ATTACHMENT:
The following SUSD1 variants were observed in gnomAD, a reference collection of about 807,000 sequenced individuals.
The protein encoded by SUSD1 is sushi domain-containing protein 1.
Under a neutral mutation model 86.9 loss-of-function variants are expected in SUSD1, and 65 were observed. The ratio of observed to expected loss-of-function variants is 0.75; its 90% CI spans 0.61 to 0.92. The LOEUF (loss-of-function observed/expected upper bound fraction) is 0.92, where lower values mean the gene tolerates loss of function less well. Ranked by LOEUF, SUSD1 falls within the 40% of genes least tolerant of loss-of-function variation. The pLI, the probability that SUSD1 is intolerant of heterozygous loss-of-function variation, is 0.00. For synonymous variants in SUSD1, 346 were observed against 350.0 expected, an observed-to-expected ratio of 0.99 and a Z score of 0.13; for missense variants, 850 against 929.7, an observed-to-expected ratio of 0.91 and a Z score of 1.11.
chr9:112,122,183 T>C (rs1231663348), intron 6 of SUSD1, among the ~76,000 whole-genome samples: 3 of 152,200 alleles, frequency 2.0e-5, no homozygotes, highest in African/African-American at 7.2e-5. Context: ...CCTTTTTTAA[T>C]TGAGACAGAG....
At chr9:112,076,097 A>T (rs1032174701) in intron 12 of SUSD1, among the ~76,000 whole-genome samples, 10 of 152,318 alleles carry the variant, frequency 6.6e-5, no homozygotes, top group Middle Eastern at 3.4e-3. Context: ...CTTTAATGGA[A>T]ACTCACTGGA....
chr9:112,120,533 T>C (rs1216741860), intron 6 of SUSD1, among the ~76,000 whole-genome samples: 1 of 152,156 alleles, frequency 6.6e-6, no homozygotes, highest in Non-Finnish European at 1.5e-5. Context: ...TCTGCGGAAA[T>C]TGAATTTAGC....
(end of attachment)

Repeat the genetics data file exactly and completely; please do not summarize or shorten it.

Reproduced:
The following SUSD1 variants were observed in gnomAD, a reference collection of about 807,000 sequenced individuals.
The protein encoded by SUSD1 is sushi domain-containing protein 1.
Under a neutral mutation model 86.9 loss-of-function variants are expected in SUSD1, and 65 were observed. The ratio of observed to expected loss-of-function variants is 0.75; its 90% CI spans 0.61 to 0.92. The LOEUF (loss-of-function observed/expected upper bound fraction) is 0.92, where lower values mean the gene tolerates loss of function less well. Ranked by LOEUF, SUSD1 falls within the 40% of genes least tolerant of loss-of-function variation. The pLI, the probability that SUSD1 is intolerant of heterozygous loss-of-function variation, is 0.00. For synonymous variants in SUSD1, 346 were observed against 350.0 expected, an observed-to-expected ratio of 0.99 and a Z score of 0.13; for missense variants, 850 against 929.7, an observed-to-expected ratio of 0.91 and a Z score of 1.11.
chr9:112,122,183 T>C (rs1231663348), intron 6 of SUSD1, among the ~76,000 whole-genome samples: 3 of 152,200 alleles, frequency 2.0e-5, no homozygotes, highest in African/African-American at 7.2e-5. Context: ...CCTTTTTTAA[T>C]TGAGACAGAG....
At chr9:112,076,097 A>T (rs1032174701) in intron 12 of SUSD1, among the ~76,000 whole-genome samples, 10 of 152,318 alleles carry the variant, frequency 6.6e-5, no homozygotes, top group Middle Eastern at 3.4e-3. Context: ...CTTTAATGGA[A>T]ACTCACTGGA....
chr9:112,120,533 T>C (rs1216741860), intron 6 of SUSD1, among the ~76,000 whole-genome samples: 1 of 152,156 alleles, frequency 6.6e-6, no homozygotes, highest in Non-Finnish European at 1.5e-5. Context: ...TCTGCGGAAA[T>C]TGAATTTAGC....